All posts made in Aug. 2000:

Tomorrow, I'm off to Santiago de Compostela for a week of, oh, something or other. A week, anyway. In case I don't see you:

  • Upsideclown is fresh on Thursday and Monday. And it's my article on Monday (September 4th) so you better go and bloody read it. Or there'll be trouble.
  • Santiago being a pilgrimage town, I fully expect there to be the whole gamut of Catholic tat merchandise: illuminated Pope busts, candles shaped like burning pyres, replicas of fragments of the true cross, and so on and so forth. In celebration of my first holiday abroad for literally aeons, I hereby promise to send the most tacky religious postcard I can find to anyone who tells me their address over the next week, for free, gratis, out of the goodness of my very good heart. And what's more, I also promise not to sell your address to too many people.
  • Please don't shit on the carpet. I've only just got it clean.

I think that's everything. Now play nicely boys and girls, and I'll pop my head in if I can.

Stewart Butterfield taxes me. If I can't define a live organism as a volume how can I say where it is in space? Problems, problems: An undergraduate introduction to Peter Unger's Problem of the Many helps me out a little.

On a different note completely, on Sylloge Stewart talks about how visuals enhance music. I recommend thoroughly the paper linked there [Time and the Observer]. God, I wish I knew more about that kind of stuff. What should I read?

Much has been made of weblish, and I'm not sure I agree with any of it. I know weblish isn't even a dialect. A register? Just that.

John Humphrys argues against weblish, saying that grammar is liberating because it allows greater accuracy -- but that misses the point. There are two pressures on language: Accuracy and speed (obviously; think about either of the two extremes if only one pressure applied). The speed issue in written text will naturally be very different from rapid spoken language. And accuracy -- well, any new language that is less accurate than the root language will not be selected for.

But the accuracy pressure changes. I'll leave it like this: Is use of the apostrophe going the same way as the usage of who vs. whom?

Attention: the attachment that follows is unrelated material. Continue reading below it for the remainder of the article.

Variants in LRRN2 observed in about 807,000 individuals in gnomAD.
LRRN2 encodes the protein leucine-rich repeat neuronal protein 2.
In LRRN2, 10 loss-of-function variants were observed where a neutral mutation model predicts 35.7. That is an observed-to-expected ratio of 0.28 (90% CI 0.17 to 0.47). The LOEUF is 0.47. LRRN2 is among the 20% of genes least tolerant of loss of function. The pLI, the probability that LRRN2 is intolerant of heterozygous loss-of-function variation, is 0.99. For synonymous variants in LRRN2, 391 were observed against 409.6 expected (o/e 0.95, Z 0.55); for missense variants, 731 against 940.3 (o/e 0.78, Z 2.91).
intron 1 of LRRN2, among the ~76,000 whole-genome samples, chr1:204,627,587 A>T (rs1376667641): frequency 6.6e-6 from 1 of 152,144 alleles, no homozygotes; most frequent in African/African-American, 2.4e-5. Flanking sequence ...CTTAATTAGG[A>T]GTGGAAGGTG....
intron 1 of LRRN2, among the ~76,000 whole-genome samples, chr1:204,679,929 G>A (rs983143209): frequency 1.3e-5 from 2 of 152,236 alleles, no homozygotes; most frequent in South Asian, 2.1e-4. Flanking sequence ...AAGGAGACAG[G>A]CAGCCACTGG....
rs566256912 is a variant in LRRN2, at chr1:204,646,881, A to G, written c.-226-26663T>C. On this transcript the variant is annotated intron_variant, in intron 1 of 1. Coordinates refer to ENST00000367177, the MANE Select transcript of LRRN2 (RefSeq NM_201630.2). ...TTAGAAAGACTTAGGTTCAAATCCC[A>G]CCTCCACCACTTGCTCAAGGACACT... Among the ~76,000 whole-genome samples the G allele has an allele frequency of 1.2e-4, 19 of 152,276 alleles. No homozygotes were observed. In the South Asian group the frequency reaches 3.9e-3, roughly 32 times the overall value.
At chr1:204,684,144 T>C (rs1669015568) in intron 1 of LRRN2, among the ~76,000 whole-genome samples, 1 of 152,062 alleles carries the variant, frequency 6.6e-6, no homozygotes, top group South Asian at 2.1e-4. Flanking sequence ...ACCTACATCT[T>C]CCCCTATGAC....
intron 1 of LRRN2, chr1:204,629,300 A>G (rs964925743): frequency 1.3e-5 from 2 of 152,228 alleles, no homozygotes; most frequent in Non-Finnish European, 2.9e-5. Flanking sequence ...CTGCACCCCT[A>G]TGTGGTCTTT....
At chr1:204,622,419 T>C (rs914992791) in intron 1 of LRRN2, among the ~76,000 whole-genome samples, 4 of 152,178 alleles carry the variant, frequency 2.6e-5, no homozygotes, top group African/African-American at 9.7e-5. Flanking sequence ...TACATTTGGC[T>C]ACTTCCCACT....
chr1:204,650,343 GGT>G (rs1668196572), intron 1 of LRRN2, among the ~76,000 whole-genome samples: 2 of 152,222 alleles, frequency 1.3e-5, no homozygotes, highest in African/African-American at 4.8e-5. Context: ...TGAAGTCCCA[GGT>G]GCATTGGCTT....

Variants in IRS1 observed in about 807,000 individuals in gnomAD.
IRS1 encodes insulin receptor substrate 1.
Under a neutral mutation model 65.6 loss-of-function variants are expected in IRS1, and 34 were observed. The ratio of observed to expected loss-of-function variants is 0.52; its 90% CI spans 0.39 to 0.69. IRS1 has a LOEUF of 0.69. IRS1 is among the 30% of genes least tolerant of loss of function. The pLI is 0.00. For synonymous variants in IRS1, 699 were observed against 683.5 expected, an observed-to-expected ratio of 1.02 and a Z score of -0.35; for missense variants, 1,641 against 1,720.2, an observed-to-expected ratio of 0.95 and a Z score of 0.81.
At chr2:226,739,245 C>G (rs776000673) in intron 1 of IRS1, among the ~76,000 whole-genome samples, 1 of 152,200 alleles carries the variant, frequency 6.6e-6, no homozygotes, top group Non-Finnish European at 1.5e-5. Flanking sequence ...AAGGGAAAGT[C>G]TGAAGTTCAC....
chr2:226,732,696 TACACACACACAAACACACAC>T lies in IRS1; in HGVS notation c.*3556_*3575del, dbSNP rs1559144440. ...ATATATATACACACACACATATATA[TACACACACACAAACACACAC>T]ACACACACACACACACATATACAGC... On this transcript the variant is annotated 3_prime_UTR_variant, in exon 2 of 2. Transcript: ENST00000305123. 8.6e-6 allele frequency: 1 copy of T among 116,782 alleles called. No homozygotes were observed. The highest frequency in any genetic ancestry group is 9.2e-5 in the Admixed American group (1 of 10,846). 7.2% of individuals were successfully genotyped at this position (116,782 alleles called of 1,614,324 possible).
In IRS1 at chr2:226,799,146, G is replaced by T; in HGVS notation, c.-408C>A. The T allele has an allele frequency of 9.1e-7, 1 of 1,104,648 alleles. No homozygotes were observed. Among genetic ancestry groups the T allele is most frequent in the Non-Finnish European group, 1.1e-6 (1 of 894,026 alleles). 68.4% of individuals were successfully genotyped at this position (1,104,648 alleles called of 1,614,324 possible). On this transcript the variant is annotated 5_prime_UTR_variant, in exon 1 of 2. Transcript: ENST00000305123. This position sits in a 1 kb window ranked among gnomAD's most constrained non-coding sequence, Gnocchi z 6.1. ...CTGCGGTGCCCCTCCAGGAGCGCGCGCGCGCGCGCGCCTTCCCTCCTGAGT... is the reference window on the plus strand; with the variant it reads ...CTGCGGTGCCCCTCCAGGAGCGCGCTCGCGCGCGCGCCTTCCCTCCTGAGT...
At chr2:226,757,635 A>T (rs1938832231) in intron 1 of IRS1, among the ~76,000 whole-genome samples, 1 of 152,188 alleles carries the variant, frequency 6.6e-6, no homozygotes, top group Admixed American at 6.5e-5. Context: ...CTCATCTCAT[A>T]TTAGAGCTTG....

Monday means new Upsideclown, and I'll tell you this for free people: It's good.

Post-modernism is old hat. We now feel free to scoff at the self-righteous omni-activist, determined to obliterate all unfairness, hunger, repression, and all other bad things. They somehow seem SO last season.

James talks good, bad, and television in Bad, man. Wicked. Excellent.

MindTerm lets me SSH to my web server from most browsers via a Java applet. Extremely handy, especially with me on holiday next week.

This is so derivative, but I want these links here when I grep my archives. The following is copied wholesale from peterme, who always finds the sites that won't let go of my brain:

Self-organizing knowledge. Among many links on the intriguing Symbiotic Intelligence Project [cache] page are ones to the Principia Cybernetica Web, which features tons on self-organization, evolutionary theory, etc, including this piece on adaptive hypertext, which shifts connections based on use. One of the researchers, Johan Bollen, has worked on other similar projects, and I found his essay "A system to restructure hypertext networks into valid user models"[.PDF] insightful. He has more recent publications, but they're all in postscript and stuff.

I've added the link to the Symbiotic Intelligence Project myself. I hope that was the referenced site.

Intriguing web art: Isometric screenshots of major cultural events [via].

Also: Internet porn with the people erased. I would love to go to an exhibition of this material. Now, I'm reminded of Obscene Interiors: Amateur porn with the people blocked out taking the piss out of the wallpaper -- one is art, the other not. It's all about presentation dontyaknow.

The main navigation at is a good use of DHTML (scroll up and down). Eats real estate though.

Mention! Mention! interconnected mentioned on barbe-- plasticbag.